Survey of Botswana Political Participation, 1970: Elite Sample (ICPSR 7350)

Published: Feb 16, 1992

Principal Investigator(s):
John D. Holm

Version V1

This study is part of a larger investigation that focused on political awareness and participation in Botswana. Three separate surveys were conducted, with an elite sample (the present study), a sample of the adult population (SURVEY OF BOTSWANA POLITICAL PARTICIPATION, 1970: MASS SAMPLE [ICPSR 7362]), and a sample of secondary school students (SURVEY OF BOTSWANA POLITICAL PARTICIPATION, 1970: SECONDARY SCHOOL SAMPLE [ICPSR 7351]). The elite sample was selected from participants at governmental, trade, and professional meetings and conventions. Respondents included members of parliament, district council members, teachers, union and cooperative leaders, members of women's associations, civil servants, and university students. The questionnaire elicited views on the structure of local and national decision-making processes and the relationship between traditional (tribal) and modern (elected) loci of power. Variables assessed respondents' perceptions of the power structure, their participation in local politics and other decision-making processes, their political knowledge, and views of community cohesion. Demographic data include sex, age, education, marital status, number of children, parents' education, father's occupation, tribal affiliation, intra-tribal class, media usage, travel experience, and source of livelihood.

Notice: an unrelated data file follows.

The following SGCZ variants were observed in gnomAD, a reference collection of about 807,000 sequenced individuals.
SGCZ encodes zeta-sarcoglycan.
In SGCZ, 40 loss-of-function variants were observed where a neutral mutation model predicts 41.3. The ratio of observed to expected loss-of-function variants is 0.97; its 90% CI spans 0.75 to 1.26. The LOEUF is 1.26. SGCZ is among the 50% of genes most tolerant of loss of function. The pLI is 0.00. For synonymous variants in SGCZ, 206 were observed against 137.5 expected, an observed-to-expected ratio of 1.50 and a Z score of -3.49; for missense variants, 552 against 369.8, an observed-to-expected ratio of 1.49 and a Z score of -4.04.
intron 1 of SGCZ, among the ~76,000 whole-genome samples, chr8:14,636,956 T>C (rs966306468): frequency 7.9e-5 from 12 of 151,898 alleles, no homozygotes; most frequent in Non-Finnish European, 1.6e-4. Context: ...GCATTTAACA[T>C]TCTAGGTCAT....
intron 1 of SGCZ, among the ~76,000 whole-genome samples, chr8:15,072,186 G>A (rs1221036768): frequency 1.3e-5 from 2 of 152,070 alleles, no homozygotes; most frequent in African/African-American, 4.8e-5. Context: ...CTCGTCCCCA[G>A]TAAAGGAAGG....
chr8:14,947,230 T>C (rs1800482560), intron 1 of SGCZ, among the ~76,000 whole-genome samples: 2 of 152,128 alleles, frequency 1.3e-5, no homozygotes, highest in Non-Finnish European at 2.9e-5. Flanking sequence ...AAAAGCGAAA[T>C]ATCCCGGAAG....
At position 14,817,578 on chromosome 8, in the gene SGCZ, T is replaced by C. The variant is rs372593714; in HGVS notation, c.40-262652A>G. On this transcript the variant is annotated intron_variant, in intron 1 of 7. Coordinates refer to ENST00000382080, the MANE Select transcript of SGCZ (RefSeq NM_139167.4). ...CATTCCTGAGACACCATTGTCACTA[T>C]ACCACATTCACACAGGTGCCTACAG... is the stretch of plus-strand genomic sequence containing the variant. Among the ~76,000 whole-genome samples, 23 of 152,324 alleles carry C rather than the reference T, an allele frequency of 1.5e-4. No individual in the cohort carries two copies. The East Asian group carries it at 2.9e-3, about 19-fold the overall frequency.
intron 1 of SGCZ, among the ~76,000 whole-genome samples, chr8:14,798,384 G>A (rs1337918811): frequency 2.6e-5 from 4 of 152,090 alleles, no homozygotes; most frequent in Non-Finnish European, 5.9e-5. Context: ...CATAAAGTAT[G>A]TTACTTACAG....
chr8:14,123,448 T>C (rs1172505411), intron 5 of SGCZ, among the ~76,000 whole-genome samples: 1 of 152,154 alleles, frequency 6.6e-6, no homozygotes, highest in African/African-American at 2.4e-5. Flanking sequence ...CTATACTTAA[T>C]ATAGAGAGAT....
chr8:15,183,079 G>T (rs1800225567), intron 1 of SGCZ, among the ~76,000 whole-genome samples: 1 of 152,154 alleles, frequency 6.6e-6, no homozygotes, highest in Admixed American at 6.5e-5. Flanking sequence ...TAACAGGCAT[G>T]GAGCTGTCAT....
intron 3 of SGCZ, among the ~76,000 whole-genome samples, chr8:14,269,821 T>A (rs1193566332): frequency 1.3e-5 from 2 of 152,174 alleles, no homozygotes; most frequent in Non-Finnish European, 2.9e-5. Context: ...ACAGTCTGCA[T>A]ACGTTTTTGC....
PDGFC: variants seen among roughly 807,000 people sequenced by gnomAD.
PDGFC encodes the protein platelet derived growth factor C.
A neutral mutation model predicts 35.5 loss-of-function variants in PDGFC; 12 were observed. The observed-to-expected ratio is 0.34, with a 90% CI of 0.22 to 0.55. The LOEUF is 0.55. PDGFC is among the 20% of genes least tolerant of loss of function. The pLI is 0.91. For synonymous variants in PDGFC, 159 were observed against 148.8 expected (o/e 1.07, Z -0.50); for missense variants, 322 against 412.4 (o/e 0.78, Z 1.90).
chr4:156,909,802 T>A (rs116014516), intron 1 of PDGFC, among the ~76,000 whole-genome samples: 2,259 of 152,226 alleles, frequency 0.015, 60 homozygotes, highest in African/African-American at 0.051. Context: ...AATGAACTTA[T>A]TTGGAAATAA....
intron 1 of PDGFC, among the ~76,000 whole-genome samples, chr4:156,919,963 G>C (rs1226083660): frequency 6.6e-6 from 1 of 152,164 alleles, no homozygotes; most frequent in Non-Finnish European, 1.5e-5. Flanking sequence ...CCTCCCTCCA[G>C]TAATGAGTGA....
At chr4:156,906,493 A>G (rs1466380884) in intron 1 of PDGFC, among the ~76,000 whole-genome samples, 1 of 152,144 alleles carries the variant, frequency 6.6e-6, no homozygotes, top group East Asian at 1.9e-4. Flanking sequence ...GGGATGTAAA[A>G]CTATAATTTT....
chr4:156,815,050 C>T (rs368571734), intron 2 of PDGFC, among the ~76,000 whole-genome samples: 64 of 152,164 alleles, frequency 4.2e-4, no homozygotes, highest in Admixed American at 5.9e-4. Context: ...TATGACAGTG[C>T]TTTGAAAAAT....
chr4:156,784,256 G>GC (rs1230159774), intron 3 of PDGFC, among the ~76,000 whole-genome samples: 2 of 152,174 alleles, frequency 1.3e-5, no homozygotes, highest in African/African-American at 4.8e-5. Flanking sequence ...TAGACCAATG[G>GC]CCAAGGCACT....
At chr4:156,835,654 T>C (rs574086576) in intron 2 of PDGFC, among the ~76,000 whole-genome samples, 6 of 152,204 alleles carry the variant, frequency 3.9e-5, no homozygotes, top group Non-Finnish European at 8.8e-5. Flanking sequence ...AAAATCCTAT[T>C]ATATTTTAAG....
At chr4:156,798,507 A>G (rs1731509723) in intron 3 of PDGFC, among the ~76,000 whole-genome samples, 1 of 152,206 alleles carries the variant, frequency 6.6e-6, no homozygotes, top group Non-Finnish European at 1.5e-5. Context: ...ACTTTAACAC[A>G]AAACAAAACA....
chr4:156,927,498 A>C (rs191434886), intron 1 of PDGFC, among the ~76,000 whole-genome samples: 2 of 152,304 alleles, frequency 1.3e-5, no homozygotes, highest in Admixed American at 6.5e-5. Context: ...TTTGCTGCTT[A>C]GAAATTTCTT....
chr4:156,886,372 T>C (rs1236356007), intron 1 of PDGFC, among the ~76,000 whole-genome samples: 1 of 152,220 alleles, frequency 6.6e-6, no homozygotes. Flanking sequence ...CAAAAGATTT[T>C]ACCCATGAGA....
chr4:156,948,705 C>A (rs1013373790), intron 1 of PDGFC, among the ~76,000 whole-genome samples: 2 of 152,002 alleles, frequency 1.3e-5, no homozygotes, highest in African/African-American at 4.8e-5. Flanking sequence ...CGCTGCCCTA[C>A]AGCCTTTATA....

Holm, John D. Survey of Botswana Political Participation, 1970: Elite Sample. Ann Arbor, MI: Inter-university Consortium for Political and Social Research [distributor], 1992-02-16.

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1970-07 -- 1970-11

At least half of the participants at national meetings of the targeted elite groups were included in the sample. In the case of local civil servants, the questionnaire was administered to the chief administrators from all regions and their subordinates from two districts. Students were surveyed on university premises.

Members of elite groups in Bostwana.

self-enumerated questionnaires

survey data




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  • The citation of this study may have changed due to the new version control system that has been implemented.
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